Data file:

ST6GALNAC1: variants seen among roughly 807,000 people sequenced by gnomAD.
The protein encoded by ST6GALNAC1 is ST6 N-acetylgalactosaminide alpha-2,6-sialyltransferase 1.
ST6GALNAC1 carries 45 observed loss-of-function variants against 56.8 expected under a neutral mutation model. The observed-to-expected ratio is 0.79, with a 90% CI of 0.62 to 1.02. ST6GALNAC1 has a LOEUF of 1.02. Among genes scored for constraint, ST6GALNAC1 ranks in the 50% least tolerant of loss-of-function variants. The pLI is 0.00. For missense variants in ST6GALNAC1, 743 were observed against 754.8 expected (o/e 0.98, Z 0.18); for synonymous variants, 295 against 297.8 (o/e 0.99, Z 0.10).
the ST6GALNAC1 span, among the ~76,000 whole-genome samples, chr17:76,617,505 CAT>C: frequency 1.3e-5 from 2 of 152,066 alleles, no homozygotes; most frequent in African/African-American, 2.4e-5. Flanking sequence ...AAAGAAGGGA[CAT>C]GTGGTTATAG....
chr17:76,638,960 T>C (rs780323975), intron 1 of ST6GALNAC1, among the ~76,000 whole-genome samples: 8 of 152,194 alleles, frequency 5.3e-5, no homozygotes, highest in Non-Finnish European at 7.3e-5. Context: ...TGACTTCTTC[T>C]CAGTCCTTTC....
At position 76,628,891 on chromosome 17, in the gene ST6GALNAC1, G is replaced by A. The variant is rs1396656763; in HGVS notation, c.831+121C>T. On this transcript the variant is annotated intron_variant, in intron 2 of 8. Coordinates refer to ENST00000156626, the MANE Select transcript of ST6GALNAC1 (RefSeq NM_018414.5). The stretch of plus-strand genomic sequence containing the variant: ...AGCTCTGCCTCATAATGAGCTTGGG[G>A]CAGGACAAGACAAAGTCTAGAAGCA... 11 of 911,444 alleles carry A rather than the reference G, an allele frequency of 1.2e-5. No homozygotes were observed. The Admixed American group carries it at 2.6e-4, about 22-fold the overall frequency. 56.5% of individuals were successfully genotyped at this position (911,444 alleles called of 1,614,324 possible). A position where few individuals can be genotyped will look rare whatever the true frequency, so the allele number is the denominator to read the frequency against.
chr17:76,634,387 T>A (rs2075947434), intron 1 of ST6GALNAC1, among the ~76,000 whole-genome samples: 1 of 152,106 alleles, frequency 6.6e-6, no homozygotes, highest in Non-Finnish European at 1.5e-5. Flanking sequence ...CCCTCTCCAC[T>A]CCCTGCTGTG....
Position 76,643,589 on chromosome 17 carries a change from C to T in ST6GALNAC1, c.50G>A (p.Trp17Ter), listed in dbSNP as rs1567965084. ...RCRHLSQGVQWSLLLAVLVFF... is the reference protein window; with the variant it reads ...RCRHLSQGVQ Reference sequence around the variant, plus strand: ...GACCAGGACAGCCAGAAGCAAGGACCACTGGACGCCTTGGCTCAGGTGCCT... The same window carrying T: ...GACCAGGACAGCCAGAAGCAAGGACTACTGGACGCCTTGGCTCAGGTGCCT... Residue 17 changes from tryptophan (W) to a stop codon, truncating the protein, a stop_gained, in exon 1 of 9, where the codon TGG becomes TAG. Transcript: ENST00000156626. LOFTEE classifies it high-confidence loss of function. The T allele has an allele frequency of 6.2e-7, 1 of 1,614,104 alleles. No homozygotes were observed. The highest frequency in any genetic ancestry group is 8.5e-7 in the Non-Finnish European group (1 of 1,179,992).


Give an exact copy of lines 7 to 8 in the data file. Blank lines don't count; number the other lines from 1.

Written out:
chr17:76,634,387 T>A (rs2075947434), intron 1 of ST6GALNAC1, among the ~76,000 whole-genome samples: 1 of 152,106 alleles, frequency 6.6e-6, no homozygotes, highest in Non-Finnish European at 1.5e-5. Flanking sequence ...CCCTCTCCAC[T>A]CCCTGCTGTG....
Position 76,643,589 on chromosome 17 carries a change from C to T in ST6GALNAC1, c.50G>A (p.Trp17Ter), listed in dbSNP as rs1567965084. ...RCRHLSQGVQWSLLLAVLVFF... is the reference protein window; with the variant it reads ...RCRHLSQGVQ Reference sequence around the variant, plus strand: ...GACCAGGACAGCCAGAAGCAAGGACCACTGGACGCCTTGGCTCAGGTGCCT... The same window carrying T: ...GACCAGGACAGCCAGAAGCAAGGACTACTGGACGCCTTGGCTCAGGTGCCT... Residue 17 changes from tryptophan (W) to a stop codon, truncating the protein, a stop_gained, in exon 1 of 9, where the codon TGG becomes TAG. Transcript: ENST00000156626. LOFTEE classifies it high-confidence loss of function. The T allele has an allele frequency of 6.2e-7, 1 of 1,614,104 alleles. No homozygotes were observed. The highest frequency in any genetic ancestry group is 8.5e-7 in the Non-Finnish European group (1 of 1,179,992).